Woolworths shuffles its leadership as it looks beyond supermarkets

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She will also take stewardship of the company’s partnership with food service company PFD if Woolworths’ $500 million acquisition of the company gains regulatory approval.

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Ms Peters has been instrumental in helping Woolworths navigate the COVID-19 crisis, and chief executive Brad Banducci said her new placing would be critical to the future of the retailer.

Additionally, the supermarket’s managing director of group portfolio Colin Storrie will move into a new role as head of new business and partnerships, effectively overseeing the retailer’s merger and acquisition strategy. Woolworths shares were down 0.3 per cent to $37.37 at midday.

These moves are reflective of Woolworths’ broader ecosystem strategy, which has been touted by the retailer in recent years as a long-term plan to transform the supermarket giant into a broader “food and everyday needs” business.

Prior to the coronavirus, the $47 billion company had made moves to further this strategy, including the divestment of failed hardware chain Masters, the sale of its petrol station division, and the now-delayed demerger of its hotels and drinks division Endeavour.

Woolworths has also been building out its digital platforms, establishing its Cartology media business last year, rebranding its rewards platform and investing in online advertising company Longtail UX.

However, Mr Banducci said on Tuesday the COVID-19 crisis had “accelerated many of our plans to deliver on our ecosystem strategy”, with the company forking out $500 million for PFD last month and also making a string of smaller investments in startup companies through its W23 arm.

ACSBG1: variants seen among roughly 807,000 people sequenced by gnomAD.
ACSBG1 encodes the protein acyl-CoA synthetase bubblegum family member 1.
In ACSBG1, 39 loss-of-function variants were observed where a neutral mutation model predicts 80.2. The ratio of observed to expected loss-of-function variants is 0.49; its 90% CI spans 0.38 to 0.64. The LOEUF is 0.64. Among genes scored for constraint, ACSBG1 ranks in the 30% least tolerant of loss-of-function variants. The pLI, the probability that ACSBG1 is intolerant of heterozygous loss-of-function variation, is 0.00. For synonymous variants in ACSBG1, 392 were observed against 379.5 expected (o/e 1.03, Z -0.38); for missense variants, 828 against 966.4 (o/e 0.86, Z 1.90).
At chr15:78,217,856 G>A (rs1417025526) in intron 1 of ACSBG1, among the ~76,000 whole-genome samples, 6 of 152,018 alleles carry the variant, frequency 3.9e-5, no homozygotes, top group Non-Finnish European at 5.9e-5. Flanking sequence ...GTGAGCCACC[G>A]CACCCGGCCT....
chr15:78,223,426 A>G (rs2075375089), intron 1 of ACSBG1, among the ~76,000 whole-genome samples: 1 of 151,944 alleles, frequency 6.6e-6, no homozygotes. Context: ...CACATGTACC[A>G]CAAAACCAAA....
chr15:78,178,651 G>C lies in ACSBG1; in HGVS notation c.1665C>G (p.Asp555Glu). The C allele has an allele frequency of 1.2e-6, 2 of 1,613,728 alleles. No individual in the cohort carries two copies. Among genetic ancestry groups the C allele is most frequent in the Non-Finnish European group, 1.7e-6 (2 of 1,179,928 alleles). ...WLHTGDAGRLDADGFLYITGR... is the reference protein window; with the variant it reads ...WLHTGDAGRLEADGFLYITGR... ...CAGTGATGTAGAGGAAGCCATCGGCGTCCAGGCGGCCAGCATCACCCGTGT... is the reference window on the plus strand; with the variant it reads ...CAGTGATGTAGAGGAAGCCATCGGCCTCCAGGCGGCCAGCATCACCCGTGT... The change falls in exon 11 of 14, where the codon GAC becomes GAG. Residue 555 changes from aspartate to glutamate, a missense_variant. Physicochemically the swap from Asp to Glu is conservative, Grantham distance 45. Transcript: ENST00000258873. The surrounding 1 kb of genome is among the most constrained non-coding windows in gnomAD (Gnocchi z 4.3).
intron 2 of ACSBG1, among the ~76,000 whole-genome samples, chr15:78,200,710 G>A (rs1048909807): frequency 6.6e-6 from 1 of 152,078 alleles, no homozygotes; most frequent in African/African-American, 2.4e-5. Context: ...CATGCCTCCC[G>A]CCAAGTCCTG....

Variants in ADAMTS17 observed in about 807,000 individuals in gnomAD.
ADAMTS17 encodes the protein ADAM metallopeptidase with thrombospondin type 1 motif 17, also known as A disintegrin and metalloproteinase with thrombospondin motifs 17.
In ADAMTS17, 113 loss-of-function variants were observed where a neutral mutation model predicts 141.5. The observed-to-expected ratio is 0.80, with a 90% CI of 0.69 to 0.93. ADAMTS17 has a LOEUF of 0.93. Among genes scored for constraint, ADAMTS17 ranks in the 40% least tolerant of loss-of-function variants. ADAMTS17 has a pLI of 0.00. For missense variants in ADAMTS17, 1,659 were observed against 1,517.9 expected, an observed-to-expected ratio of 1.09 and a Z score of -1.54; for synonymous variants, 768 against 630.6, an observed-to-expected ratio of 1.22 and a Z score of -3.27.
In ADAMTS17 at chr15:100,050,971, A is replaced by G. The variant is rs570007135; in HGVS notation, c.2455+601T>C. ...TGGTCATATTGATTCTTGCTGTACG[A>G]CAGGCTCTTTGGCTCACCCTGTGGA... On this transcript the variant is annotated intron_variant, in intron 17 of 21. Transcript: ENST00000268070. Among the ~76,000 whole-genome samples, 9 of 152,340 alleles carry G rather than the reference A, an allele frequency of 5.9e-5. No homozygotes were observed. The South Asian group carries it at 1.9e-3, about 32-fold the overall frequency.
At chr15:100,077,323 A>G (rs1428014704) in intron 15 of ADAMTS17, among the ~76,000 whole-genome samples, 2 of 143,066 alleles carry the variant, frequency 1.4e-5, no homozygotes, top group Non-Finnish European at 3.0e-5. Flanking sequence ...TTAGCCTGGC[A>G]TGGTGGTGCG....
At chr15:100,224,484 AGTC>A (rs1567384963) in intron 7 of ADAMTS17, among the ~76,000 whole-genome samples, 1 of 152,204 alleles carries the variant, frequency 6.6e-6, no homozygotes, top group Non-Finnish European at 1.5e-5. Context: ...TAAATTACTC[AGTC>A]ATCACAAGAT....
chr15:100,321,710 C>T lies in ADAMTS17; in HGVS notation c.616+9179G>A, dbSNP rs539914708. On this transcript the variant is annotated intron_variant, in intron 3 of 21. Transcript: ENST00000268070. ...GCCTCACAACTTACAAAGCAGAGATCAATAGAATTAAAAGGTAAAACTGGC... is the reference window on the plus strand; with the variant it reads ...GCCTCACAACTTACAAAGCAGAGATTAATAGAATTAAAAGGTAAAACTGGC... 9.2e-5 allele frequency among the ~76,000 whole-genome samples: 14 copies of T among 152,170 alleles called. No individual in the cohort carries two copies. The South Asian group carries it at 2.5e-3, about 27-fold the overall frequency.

When the PFD acquisition was announced, Mr Banducci rejected claims Woolworths was turning into a conglomerate, saying the retailer was not looking to acquire businesses just for the sake of it.

“We’re not in the business of just trying to put things together for size’s sake,” he said. “I wouldn’t call it a conglomerate, it really is trying to build an ecosystem of businesses that support each other.”

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Woolworths shareholder and Pengana Capital portfolio manager Anton Du Preez agreed with the chief executive, saying the company’s expanding investments would provide the supermarket with unparalleled insight into emerging trends.

“All these satellite businesses make a lot of sense because they feed into the ecosystem of the food business,” he said. “It also gives Woolworths insight into new businesses and new business models.”

“Anyone can read a trend report from McKinsey’s or wherever, but to have a detailed understanding [is different].”

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Dominic Powell writes about the retail industry for the Sydney Morning Herald and The Age.

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